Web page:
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Repatriating stolen funds and its challenges

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Nigeria’s Vice President Yemi Osinbajo


The Vice President, Professor Yemi Osinbajo has lamented the deep frustration which the Nigerian government has faced in its efforts on repatriating stolen funds which are lodged in off-shore accounts. This, Osinbajo said, was in spite of the fact that Nigeria had signed protocols and agreements with the appropriate international bodies. He made this assertion in Abuja recently while declaring open the 18th Ministerial Committee Meeting of the Inter-Governmental Action Group Against Money Laundering in West Africa (GIABA).

The Vice President went on to challenge the major economic nations of the world to make the process of funds’ repatriation less cumbersome in order to match their call on Nigeria to tackle the menace of corruption. He also referred to the Panama and Paradise Papers which made it clear that offshore accounts are domiciled in some countries that have their system safe havens for laundered funds. These so-called big countries including the United Kingdom, France and the United States of America have not made repatriation of funds easy. Herein lies the contradiction and hypocrisy of the Western world.

Often the governments of these nations are in the know when such huge funds cross into their banking system. To be sure there are financial regulations that compel disclosure of huge funds whenever they are lodged. But because their economies benefit from such slush funds they turn the blind eye. It is worse when a legitimate government like the Nigerian requests that stolen funds be returned and those countries begin to create hurdles. As long as such barriers exist it would be difficult to win the war on corruption.

The Nigerian government must not give up. Corruption always fights back. The international monetary system accommodates all kinds of criminally-minded individuals who would rather die than part with the returns on ill-gotten investments. Collaborators are part of the long chain. The truth is that once huge funds leave any economy all monitors within the system get wind of it. Some are shadier than others because of the subterfuge that they use. To be sure such illegal funds are facilitated by the high and mighty in society. It is on record that Swiss Banks hold the hugest deposits of illegal or stolen funds. As a result of the enshrined secrecy in transactions such funds often remain unclaimed when the owners succumb to the frailty of the human experience. Rather than return such funds to the home countries of the loot owners, they are stashed away and the banks and Swiss economy become beneficiaries.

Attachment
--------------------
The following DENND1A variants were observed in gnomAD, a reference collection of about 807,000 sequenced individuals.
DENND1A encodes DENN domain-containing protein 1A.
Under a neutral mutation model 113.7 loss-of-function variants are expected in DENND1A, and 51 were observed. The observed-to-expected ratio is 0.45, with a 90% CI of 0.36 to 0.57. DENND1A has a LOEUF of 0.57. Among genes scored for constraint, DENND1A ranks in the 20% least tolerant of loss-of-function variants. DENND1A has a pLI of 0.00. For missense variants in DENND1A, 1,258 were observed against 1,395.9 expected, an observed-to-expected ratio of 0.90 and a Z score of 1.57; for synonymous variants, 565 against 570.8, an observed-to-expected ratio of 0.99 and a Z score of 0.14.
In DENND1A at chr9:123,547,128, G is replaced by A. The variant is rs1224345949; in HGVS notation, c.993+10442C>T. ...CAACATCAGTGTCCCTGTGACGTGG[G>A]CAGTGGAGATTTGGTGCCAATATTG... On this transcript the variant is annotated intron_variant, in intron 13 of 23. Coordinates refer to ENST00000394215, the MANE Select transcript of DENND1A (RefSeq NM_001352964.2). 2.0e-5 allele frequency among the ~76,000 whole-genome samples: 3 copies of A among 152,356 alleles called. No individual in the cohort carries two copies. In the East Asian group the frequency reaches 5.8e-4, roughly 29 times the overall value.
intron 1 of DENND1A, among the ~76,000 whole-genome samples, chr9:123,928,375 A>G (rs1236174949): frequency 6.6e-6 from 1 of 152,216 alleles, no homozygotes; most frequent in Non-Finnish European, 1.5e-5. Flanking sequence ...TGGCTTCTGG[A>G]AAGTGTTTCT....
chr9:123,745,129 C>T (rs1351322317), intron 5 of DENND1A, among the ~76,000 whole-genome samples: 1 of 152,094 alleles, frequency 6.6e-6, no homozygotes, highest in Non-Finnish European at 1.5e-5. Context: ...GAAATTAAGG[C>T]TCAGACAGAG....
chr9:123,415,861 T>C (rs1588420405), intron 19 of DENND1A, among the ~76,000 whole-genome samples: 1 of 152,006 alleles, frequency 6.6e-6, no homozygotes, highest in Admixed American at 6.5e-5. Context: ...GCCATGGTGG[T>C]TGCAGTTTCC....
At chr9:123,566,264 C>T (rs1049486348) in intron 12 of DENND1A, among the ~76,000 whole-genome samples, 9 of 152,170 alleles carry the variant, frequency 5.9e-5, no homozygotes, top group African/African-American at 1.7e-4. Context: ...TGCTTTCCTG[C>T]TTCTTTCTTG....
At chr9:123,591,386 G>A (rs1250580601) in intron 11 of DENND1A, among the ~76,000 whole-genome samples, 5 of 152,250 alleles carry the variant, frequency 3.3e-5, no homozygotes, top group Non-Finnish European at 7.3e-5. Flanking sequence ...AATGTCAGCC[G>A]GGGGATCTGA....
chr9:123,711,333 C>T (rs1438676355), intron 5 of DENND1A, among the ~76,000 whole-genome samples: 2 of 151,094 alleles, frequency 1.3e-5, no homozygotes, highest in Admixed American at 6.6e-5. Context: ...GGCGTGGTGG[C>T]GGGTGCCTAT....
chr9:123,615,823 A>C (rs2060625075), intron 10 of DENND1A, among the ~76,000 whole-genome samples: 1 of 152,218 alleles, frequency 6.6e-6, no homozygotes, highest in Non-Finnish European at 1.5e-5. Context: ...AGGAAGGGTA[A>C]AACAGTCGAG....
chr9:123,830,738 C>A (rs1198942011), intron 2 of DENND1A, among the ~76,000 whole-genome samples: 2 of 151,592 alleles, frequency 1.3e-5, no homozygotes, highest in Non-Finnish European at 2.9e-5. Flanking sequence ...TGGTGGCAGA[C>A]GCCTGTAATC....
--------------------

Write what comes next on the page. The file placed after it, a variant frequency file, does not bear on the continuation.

The Federal Government should also keep its battle properly focused. So far the perception is that the war is selective. All pro-government former and current office holders are shielded somewhat. This is a travesty of any claim to corruption fighting. The fight should be like the sword of justice which is blind. Indeed the Federal Government is beginning to lose the confidence of the people.

The double standards shown by the anti-corruption agencies stick out like a sore thumb. Also, the government claims to have recovered billions of naira or dollars from corrupt individual. Nothing has been heard of the funds in terms of where they are kept or the total amount involved. Already there are speculations that officials of some anti-corruption agencies have lined up their pockets with stolen funds which were seized from indicted citizens. The Maina matter which involved some highly-placed individuals in the Buhari administration has not helped the image of the government.

We call on the government to employ all strategies in the books to retrieve the billions of dollars which had been stolen from the coffers of the Nigerian State. President Buhari should use the good will which he still enjoys in the comity of nations to push the matter beyond niceties. The stakes are high. The persons involved are highly placed and often well-connected. The methods of achieving the goals of government should also be lofty, forceful and aggressive.

Finally, we call on the international community to walk their talk by providing institutional support for the Federal Government to enable Buhari fulfill one of his election promises to the Nigerian people and to the world – that of ensuring that it cannot be business as usual in looting the treasury anymore. The anti-corruption agencies should rise above the fray and ensure that the integrity of the system is protected.


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Yemi Osinbajo

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